Heat and moisture exchangers compared to heated humidifiers for ventilated adults and children

Review question

Are heat and moisture exchangers or heated humidifiers more effective in preventing complications such as airway blockages and pneumonia in adults, children or infants who receive invasive mechanical ventilation.

Background

When mechanical ventilation is used to keep critically ill people breathing effectively, the upper airway must be humidified by artificial means. Heat and moisture exchangers and heated humidifiers are the most commonly used methods of artificial humidification. Both have been associated with specific advantages and disadvantages; for example, heat and moisture exchangers are thought to be more likely to cause airway obstruction while heated humidifiers have been associated with an increased risk of pneumonia (swelling (inflammation) of the tissue in one or both lungs).

Study characteristics

We searched for studies up to May 2017. We included 34 trials in the review, with 2848 participants from 12 countries. The majority of trials (27) were set in an intensive care unit with one in a neonatal intensive care unit. The remaining seven studies were done in an operating department. Participants were infants in three studies with adults (average age of 40 to 69 years) in the remainder.

Key results

There was no overall difference in the rates of airway blockage, pneumonia or death in adults who were ventilated through heat and moisture exchangers compared to adults ventilated through a heated humidifier. There was some evidence that the occurrence of pneumonia may be lowered by using heat and moisture exchangers that capture less moisture. There was not enough information to make any conclusions about either of these methods in children or infants.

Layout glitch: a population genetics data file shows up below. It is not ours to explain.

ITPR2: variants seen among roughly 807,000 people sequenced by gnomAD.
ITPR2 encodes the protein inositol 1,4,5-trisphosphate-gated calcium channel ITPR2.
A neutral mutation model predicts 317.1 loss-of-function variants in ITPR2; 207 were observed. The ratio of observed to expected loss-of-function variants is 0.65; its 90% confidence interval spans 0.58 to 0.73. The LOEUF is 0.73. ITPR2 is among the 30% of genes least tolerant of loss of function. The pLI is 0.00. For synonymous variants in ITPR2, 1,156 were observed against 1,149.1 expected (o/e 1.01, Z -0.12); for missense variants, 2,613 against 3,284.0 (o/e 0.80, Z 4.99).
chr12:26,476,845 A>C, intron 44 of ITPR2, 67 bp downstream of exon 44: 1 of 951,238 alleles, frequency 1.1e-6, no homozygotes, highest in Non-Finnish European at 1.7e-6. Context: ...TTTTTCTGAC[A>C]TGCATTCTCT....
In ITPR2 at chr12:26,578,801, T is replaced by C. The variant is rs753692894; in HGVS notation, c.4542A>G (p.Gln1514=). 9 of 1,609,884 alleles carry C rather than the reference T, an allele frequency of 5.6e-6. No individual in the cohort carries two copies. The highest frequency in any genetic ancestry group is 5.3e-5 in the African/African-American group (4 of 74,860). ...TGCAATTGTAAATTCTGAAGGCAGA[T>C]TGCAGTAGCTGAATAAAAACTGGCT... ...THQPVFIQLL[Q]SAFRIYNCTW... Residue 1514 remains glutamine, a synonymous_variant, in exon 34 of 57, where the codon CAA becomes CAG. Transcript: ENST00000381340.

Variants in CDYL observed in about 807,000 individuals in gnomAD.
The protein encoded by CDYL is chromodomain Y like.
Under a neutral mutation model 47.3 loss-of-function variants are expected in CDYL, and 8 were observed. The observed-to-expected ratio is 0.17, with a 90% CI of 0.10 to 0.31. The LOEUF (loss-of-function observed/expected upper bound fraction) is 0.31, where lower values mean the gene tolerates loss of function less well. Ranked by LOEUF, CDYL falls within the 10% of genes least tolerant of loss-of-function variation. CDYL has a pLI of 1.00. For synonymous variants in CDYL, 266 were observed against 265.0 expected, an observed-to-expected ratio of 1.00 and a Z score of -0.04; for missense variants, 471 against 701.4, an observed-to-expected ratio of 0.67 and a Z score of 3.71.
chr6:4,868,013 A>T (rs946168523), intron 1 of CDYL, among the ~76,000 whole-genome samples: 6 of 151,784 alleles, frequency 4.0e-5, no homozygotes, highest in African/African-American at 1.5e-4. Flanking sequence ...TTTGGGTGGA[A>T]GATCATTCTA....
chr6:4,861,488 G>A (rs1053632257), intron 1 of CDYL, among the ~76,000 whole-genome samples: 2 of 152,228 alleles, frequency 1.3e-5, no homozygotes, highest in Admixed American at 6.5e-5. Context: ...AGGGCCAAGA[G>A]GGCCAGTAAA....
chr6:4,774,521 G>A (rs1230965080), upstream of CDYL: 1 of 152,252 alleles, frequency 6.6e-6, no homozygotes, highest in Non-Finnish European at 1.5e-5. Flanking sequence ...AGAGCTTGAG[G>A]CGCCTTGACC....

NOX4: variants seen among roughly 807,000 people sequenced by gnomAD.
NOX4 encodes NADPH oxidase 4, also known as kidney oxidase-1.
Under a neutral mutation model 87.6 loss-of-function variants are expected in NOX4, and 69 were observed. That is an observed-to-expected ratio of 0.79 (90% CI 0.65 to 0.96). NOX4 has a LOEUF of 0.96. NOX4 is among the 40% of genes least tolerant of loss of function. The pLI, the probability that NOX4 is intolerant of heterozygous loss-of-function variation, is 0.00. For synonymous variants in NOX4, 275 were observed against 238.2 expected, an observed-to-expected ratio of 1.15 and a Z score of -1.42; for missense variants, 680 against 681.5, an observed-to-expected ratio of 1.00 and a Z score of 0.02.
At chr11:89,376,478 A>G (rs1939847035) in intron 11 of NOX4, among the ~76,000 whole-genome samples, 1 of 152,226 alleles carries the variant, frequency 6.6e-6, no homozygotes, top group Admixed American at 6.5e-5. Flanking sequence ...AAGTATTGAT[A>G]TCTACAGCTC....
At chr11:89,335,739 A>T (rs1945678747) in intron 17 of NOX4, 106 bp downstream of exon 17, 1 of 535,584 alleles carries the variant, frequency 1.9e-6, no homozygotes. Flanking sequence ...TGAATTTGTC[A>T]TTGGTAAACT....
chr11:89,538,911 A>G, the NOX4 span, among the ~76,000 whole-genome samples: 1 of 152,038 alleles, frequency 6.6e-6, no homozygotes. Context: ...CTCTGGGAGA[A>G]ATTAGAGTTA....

Quality of the evidence

The overall low quality of this evidence was low, making it difficult to be confident about these findings.

Authors' conclusions: 

The available evidence suggests no difference between HMEs and HHs on the primary outcomes of airway blockages, pneumonia and mortality. However, the overall low quality of this evidence makes it difficult to be confident about these findings. Further research is needed to compare HMEs to HHs, particularly in paediatric and neonatal populations, but research is also needed to more effectively compare different types of HME to each other as well as different types of HH.

Read the full abstract...
Background: 

Invasive ventilation is used to assist or replace breathing when a person is unable to breathe adequately on their own. Because the upper airway is bypassed during mechanical ventilation, the respiratory system is no longer able to warm and moisten inhaled gases, potentially causing additional breathing problems in people who already require assisted breathing. To prevent these problems, gases are artificially warmed and humidified. There are two main forms of humidification, heat and moisture exchangers (HME) or heated humidifiers (HH). Both are associated with potential benefits and advantages but it is unclear whether HME or HH are more effective in preventing some of the negative outcomes associated with mechanical ventilation. This review was originally published in 2010 and updated in 2017.